What's That Gold Medallion Next to Your Home's Doorbell?

Badge Signifies That You Have a Truly Space-Age House

Gold Medallion Home
Gold Medallion Home. NEMA

If you have just bought a mid-century modern suburban-type house and found a gold medallion affixed to the exterior wall, you might be wondering what this is all about.  You might even be tempted to tear it off.

In the 1960s and 1970s, this badge meant that you were entering a house of technological marvels.  No, it did not mean that the home had a Jetsons-like system of automatic dog washers and food preppers and plate washers.  It simply meant that the home had a relatively new innovation that, even in that period, was not found with every home:  it was 100% electrified.

From the Dark Ages of Energy to Clean Electricity

These medals, usually next to the doorbell, were placed on many mid-century modern homes built between 1957 and the early 1970s whose only energy source was electricity.

While it's hard to realize this today, because modern homes function cleanly and relatively efficiently, but homes built before World War II weren't so clean or efficient.  Many had coal-burning furnaces in the basement, and coal would blacken everything around it.  Or fuel oil might be delivered by trucks on a regular schedule.  This oil would be piped into the basement, where it was burned in the furnace.  Many homes still relied on dirty-burning and inefficient fireplaces to supplement their main heat sources.

There were (and still are) physical manifestations of older energy production everywhere.  Houses on the East Coast in the 1960s still had coal chutes leading into the basement.  Or tanks for the fuel oil would be buried on the property--today still considered a liability and a bone of contention whenever it comes time to sell a house.

So it was considered a great step up to modernity to use electricity.  Electric water heaters didn't give off smoke or fumes.  They didn't even need flues.  Electric HVAC systems could pump hot air throughout a house.  House fires, common with structures that employed open flames for heating, tapered off dramatically with electrically heated homes.  Ads for electric heating systems of that period regularly stated that this was a flameless system.

By 1960, over 850,000 families were living in Gold Medallion Homes.  Western areas of the U.S. that experienced a great deal of post World War II building will also be areas that have many Gold Medallion Homes:  Los Angeles, Palm Springs, Phoenix, and Seattle.

Today, many homes have gone in the opposite direction, switching electric services to natural gas because, in some cases, gas is cheaper and a more efficient energy source than electricity.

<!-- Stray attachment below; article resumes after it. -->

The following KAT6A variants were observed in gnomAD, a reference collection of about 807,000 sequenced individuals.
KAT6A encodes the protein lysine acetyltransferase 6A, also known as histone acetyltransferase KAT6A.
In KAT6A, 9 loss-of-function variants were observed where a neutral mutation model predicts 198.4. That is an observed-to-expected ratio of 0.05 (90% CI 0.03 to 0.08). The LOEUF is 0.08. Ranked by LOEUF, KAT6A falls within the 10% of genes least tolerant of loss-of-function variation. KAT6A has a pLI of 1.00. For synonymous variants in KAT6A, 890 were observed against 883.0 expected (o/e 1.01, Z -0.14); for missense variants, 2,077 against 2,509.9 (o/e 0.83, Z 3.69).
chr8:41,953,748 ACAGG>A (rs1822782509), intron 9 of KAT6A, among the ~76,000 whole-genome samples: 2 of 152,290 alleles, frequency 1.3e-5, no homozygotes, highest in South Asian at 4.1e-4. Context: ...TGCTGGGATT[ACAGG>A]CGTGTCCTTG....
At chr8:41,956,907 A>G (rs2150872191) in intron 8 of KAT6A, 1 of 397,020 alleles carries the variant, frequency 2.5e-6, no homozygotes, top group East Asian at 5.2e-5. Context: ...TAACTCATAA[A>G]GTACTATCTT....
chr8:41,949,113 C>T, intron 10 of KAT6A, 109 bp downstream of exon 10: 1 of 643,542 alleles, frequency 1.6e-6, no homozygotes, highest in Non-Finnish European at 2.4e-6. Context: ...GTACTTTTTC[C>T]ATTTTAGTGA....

Medallions or Window Stickers Advertised That Your House Was Modern

The rectangular brass badge affixed near to the doorbell. The phrasing of the badge changed over the years. The tagline is probably better remembered:  Live Better Electrically, a play on DuPont's earlier and more famous and often mocked, Better Living Through Chemistry.

Some variations:

  • Gold Medallion Home - Live Better Electrically
  • Total Electric Award - Gold Medallion Home - Live Better Electrically
  • Medallion Home - Live Better Electrically

In addition to the brass badge, 7" window stickers were available.

EEI and GE Sponsored the Program Along with Home Builders

The Edison Electric Institute and General Electric heavily promoted the program through magazine and newspaper ads, TV spots, and radio jingles.  Future U.S. President Ronald Reagan even got on the bandwagon for all-electric living in his role of spokesman for General Electric.

On the builder's side, they received an allowance from the Live Better Electrically program. On the homeowners' side, electricity's clean, inexpensive, and safe advantages were touted.

It was also a convenient marketing tool.  After World War II, home building began to ramp up.  Builders had to add extras and bonuses to bring buyers to their homes and developments.  A February 10, 1963 article about the Gold Medallion program states that "Back in the fifties, builders needed no special inducements to attract buyers but now the market is reversed...  The building market is on a competitive basis and now the consumer must be wooed."

Keep It On or Not?

So while there is no practical reason to keep that Gold Medallion on your home, think of it as being part of your home's DNA.  It was added there at the very birth of your home.  Unless you have done something to change its 100% electrification status, such as bringing in gas for the kitchen stove, your home will always be a Gold Medallion home.